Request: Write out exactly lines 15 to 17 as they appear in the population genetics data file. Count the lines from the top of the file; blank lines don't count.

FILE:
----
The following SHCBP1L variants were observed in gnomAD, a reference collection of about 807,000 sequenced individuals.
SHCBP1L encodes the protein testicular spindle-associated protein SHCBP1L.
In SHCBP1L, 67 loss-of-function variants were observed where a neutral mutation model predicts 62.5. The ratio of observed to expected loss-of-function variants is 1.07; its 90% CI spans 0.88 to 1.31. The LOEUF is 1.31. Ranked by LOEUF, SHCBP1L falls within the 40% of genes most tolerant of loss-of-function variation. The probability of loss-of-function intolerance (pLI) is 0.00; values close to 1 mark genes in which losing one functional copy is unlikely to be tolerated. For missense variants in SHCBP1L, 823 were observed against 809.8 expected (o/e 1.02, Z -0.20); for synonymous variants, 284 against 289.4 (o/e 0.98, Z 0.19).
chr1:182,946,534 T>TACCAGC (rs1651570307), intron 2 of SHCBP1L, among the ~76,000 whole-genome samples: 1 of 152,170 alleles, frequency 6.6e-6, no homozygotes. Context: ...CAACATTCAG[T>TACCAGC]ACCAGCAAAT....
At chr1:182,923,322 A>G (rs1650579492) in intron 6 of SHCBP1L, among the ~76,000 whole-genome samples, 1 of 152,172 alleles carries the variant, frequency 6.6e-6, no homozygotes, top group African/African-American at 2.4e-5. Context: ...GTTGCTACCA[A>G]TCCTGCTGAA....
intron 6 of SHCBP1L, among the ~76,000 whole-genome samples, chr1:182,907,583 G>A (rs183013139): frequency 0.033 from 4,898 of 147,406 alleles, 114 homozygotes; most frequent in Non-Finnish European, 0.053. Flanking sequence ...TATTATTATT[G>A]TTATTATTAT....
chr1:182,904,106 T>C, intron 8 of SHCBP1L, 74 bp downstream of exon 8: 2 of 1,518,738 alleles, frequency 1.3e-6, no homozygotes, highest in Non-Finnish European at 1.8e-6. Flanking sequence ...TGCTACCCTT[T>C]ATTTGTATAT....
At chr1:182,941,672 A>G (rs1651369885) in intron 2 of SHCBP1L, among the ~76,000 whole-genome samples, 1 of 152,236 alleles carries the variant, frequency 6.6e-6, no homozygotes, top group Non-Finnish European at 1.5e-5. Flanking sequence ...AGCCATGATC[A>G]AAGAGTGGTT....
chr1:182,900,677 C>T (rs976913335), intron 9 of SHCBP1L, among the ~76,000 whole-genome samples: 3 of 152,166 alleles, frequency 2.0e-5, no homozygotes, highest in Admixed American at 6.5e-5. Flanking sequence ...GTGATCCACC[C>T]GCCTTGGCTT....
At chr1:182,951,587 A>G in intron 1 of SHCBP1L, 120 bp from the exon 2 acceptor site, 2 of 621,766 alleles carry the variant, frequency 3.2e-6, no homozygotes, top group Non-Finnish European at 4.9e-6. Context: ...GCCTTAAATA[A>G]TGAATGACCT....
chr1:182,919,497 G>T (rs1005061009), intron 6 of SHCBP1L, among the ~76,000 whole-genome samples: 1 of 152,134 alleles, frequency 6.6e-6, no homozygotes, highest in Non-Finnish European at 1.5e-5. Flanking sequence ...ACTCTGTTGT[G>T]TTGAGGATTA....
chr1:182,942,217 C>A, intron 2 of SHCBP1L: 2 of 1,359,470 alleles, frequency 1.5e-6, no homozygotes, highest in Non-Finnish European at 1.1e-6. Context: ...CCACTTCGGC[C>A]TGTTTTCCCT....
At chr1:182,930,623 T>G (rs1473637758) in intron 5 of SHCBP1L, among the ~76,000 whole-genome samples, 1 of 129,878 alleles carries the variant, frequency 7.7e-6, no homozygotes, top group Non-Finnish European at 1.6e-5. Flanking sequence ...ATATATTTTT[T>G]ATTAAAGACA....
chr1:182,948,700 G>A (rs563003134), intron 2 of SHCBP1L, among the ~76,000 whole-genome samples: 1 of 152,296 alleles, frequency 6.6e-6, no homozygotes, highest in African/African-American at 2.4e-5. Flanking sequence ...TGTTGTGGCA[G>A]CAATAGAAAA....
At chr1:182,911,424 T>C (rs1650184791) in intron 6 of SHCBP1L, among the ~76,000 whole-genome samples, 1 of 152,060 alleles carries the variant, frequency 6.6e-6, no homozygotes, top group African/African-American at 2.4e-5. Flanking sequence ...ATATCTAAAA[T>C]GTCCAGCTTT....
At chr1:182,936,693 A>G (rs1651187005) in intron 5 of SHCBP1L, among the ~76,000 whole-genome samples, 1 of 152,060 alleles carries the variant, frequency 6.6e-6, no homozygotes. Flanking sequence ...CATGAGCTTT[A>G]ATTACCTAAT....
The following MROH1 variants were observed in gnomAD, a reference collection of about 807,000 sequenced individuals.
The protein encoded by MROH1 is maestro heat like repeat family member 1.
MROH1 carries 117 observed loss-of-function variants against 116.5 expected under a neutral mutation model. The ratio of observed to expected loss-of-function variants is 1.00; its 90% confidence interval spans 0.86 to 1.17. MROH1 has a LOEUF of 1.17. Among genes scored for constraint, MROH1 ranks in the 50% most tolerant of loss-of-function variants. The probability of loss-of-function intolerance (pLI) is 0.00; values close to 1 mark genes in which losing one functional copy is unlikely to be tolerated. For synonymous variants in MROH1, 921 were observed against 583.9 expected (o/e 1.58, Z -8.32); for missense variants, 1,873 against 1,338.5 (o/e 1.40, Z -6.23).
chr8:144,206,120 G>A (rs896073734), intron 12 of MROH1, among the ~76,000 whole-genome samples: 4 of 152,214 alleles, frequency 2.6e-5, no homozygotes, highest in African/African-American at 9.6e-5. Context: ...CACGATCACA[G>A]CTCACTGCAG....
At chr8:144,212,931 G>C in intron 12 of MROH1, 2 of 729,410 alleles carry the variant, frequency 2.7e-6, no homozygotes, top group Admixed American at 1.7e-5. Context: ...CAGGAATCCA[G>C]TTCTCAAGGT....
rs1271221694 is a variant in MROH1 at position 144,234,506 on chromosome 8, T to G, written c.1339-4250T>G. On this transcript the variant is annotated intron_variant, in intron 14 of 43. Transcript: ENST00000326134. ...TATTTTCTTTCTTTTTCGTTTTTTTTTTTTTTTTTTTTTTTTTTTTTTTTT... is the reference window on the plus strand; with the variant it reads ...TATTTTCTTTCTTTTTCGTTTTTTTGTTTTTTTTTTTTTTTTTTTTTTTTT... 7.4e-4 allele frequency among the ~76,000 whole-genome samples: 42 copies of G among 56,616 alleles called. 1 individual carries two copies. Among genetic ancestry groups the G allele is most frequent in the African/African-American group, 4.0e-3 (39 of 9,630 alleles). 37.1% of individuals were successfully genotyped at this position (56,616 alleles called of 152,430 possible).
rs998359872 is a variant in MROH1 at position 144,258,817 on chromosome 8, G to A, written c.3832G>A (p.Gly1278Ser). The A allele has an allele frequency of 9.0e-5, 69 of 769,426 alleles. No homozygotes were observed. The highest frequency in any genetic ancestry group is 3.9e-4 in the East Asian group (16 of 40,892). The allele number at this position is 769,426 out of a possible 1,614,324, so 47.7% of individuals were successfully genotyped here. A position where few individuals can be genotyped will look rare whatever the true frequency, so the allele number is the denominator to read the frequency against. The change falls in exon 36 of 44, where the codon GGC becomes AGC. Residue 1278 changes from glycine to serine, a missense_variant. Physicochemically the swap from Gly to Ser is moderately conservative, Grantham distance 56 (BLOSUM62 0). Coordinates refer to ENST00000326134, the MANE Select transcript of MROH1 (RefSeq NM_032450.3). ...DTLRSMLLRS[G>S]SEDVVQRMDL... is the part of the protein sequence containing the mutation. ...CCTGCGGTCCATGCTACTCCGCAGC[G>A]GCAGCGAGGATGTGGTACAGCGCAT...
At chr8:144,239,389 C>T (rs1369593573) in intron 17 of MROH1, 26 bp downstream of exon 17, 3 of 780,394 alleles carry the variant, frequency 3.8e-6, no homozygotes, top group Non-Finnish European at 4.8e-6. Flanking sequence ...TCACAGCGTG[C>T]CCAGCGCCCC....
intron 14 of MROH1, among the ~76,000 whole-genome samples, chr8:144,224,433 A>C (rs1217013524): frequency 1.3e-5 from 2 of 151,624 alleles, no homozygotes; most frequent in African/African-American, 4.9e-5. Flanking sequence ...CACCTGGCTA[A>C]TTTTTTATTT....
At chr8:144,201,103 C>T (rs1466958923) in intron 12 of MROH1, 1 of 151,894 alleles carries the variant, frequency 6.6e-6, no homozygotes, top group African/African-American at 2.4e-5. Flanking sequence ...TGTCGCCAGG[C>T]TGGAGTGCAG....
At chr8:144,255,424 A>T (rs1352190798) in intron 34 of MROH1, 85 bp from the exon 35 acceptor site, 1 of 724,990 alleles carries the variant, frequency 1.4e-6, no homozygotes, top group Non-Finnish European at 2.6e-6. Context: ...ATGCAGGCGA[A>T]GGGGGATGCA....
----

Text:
At chr1:182,911,424 T>C (rs1650184791) in intron 6 of SHCBP1L, among the ~76,000 whole-genome samples, 1 of 152,060 alleles carries the variant, frequency 6.6e-6, no homozygotes, top group African/African-American at 2.4e-5. Flanking sequence ...ATATCTAAAA[T>C]GTCCAGCTTT....
At chr1:182,936,693 A>G (rs1651187005) in intron 5 of SHCBP1L, among the ~76,000 whole-genome samples, 1 of 152,060 alleles carries the variant, frequency 6.6e-6, no homozygotes. Flanking sequence ...CATGAGCTTT[A>G]ATTACCTAAT....
The following MROH1 variants were observed in gnomAD, a reference collection of about 807,000 sequenced individuals.